Austinites overwhelmingly reject Prop A and the implementation of a public vote before non-public sports or entertainment venues use public land

Groundbreaking for the Austin FC stadium
Austin FC leaders, investors and city officials celebrated the groundbreaking of the Major League Soccer stadium Sept. 9. Amy Denney/Community Impact Newspaper

Austin FC leaders, investors and city officials celebrated the groundbreaking of the Major League Soccer stadium Sept. 9. Amy Denney/Community Impact Newspaper

Austin’s Proposition A, which asked voters if they want the right to vote before the city sells or leases any city-owned property for a non-public sports or entertainment venue, has been defeated, as Austinites in Travis and Williamson counties voted against the measure 62.9% to 37.1% according to voting results from the county clerks.

Approximately 103,178 Austinites cast votes on the proposition between early voting and Election Day results, a turnout of roughly 15.6%. Early voting was open from Oct. 21 to Nov. 1, during which 37,671 Austinites voted on the question. Election day totals continued to trickle in throughout the evening, however, election results are not final until the votes are canvassed. Austinites living in Williamson County supported the measure 52.7% to 47.3%, but only contributed 5,007 total votes to the tally.

Proposition A began as a citizen-initiated petition following City Council's decision to allow a private entity to build a Major League Soccer stadium on a city-owned tract in North Austin. The petition gained over 20,000 signatures from Austin voters, thus earning a spot on this year's ballot. Critics of the proposition said if it passed, with the way it was written, it would require citizens to vote on land contracts with organizations such as the YMCA, and popular venues such as the Zach Theater. The initial backers of the petitions, the political action committee Fair Play Austin, has since disavowed the proposition.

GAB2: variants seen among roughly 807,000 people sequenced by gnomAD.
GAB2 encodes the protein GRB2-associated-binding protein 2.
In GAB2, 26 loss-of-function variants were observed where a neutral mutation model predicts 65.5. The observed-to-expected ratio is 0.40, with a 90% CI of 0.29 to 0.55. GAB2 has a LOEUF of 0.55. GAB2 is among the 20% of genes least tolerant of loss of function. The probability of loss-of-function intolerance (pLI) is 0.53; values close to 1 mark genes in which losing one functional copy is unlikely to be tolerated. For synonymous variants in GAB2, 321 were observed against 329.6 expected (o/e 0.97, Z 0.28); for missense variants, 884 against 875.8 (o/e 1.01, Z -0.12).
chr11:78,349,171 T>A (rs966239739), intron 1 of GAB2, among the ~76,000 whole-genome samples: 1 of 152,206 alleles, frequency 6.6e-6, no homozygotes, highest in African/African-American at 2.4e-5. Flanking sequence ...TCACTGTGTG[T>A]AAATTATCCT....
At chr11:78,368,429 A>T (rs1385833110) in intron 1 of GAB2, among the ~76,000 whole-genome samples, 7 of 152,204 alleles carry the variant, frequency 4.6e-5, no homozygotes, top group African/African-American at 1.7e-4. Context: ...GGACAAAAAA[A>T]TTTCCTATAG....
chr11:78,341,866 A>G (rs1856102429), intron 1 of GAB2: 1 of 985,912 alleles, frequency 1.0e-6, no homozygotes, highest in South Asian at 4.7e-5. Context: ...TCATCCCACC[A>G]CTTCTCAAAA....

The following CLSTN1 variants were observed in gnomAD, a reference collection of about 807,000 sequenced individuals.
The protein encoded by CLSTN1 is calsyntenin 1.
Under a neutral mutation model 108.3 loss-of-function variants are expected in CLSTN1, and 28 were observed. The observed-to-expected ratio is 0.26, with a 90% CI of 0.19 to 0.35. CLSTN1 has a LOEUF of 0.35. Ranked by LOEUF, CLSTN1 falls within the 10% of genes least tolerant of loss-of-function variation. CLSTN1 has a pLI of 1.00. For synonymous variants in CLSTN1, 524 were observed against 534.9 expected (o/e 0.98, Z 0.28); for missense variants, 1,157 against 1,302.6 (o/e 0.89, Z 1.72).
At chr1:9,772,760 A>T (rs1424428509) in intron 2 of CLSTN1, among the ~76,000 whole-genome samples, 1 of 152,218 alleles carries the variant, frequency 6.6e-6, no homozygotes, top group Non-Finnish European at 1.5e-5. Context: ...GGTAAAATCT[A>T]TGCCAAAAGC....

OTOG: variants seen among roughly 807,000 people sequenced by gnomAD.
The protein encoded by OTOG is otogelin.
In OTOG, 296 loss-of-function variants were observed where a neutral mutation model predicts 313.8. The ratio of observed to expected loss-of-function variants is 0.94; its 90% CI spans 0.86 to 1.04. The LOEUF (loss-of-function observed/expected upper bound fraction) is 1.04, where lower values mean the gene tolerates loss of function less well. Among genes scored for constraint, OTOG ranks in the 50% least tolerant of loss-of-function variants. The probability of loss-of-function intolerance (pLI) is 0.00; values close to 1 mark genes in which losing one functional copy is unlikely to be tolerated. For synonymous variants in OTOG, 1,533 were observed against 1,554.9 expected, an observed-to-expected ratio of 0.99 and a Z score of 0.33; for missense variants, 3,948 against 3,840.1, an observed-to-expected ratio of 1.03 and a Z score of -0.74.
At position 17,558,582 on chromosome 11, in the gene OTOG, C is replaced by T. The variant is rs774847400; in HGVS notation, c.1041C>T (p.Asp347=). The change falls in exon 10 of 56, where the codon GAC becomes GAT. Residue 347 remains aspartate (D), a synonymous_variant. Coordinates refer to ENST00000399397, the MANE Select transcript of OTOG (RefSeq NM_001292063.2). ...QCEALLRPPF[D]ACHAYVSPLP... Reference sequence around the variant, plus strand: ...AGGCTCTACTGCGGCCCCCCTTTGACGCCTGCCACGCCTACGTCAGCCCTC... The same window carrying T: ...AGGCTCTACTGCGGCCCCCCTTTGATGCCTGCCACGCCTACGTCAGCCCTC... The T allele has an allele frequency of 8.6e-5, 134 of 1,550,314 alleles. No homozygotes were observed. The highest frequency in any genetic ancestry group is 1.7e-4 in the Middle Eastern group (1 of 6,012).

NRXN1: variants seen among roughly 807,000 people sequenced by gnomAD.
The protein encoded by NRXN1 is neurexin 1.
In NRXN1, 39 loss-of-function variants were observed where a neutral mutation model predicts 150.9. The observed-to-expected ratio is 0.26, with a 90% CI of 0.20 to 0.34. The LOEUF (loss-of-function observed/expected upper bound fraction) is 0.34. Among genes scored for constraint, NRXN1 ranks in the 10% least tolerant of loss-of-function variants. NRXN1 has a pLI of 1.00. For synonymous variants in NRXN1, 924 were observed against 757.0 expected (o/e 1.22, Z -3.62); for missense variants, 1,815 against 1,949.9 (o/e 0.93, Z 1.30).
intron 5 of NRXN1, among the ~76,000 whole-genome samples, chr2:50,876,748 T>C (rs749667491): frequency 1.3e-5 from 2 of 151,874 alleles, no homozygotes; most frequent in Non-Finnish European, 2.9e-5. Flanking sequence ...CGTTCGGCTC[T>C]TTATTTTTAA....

Proposition A was one of two citizen-initiated ordinances that reached this year's ballot—Proposition B, which asked voters whether they wanted the right to vote on any convention center expansion costing more than $20 million, was the other. Citizen-initiated ordinances are a tool offered by the state constitution that allow citizens to draft a law, petition voters for signatures of support and force City Council to either pass the ordinance or put it to a citywide vote.

City Council Member Greg Casar said voter rejection of the two propositions was a vote of confidence in the elected officials to continue making progress.

"The community wants to keep pushing the council to do the right thing and is rejecting the path of special interest-funded propositions," Casar said.

Casar highlighted that Propositions A and B were the fourth and fifth citizen-initiated ordinances that made it to the ballot since City Council transitioned to the geographical representation system known as 10-1. All five failed to gain majority public support.


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